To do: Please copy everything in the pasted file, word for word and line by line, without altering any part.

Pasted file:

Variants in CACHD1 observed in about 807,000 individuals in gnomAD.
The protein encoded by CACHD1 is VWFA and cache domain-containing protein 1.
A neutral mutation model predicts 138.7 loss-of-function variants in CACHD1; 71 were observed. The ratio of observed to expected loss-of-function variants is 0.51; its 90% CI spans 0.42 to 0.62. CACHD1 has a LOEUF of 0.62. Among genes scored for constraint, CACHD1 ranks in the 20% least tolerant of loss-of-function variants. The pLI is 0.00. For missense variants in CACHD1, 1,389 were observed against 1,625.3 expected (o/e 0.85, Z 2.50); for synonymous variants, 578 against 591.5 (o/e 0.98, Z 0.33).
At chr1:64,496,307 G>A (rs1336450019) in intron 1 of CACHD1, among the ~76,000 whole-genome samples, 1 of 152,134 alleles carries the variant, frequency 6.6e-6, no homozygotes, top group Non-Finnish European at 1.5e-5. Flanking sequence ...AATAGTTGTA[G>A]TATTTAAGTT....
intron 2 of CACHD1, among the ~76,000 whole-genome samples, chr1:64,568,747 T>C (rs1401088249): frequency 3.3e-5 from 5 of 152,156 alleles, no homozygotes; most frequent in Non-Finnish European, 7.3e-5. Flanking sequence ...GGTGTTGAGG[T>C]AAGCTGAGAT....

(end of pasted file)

Variants in CACHD1 observed in about 807,000 individuals in gnomAD.
The protein encoded by CACHD1 is VWFA and cache domain-containing protein 1.
A neutral mutation model predicts 138.7 loss-of-function variants in CACHD1; 71 were observed. The ratio of observed to expected loss-of-function variants is 0.51; its 90% CI spans 0.42 to 0.62. CACHD1 has a LOEUF of 0.62. Among genes scored for constraint, CACHD1 ranks in the 20% least tolerant of loss-of-function variants. The pLI is 0.00. For missense variants in CACHD1, 1,389 were observed against 1,625.3 expected (o/e 0.85, Z 2.50); for synonymous variants, 578 against 591.5 (o/e 0.98, Z 0.33).
At chr1:64,496,307 G>A (rs1336450019) in intron 1 of CACHD1, among the ~76,000 whole-genome samples, 1 of 152,134 alleles carries the variant, frequency 6.6e-6, no homozygotes, top group Non-Finnish European at 1.5e-5. Flanking sequence ...AATAGTTGTA[G>A]TATTTAAGTT....
intron 2 of CACHD1, among the ~76,000 whole-genome samples, chr1:64,568,747 T>C (rs1401088249): frequency 3.3e-5 from 5 of 152,156 alleles, no homozygotes; most frequent in Non-Finnish European, 7.3e-5. Flanking sequence ...GGTGTTGAGG[T>C]AAGCTGAGAT....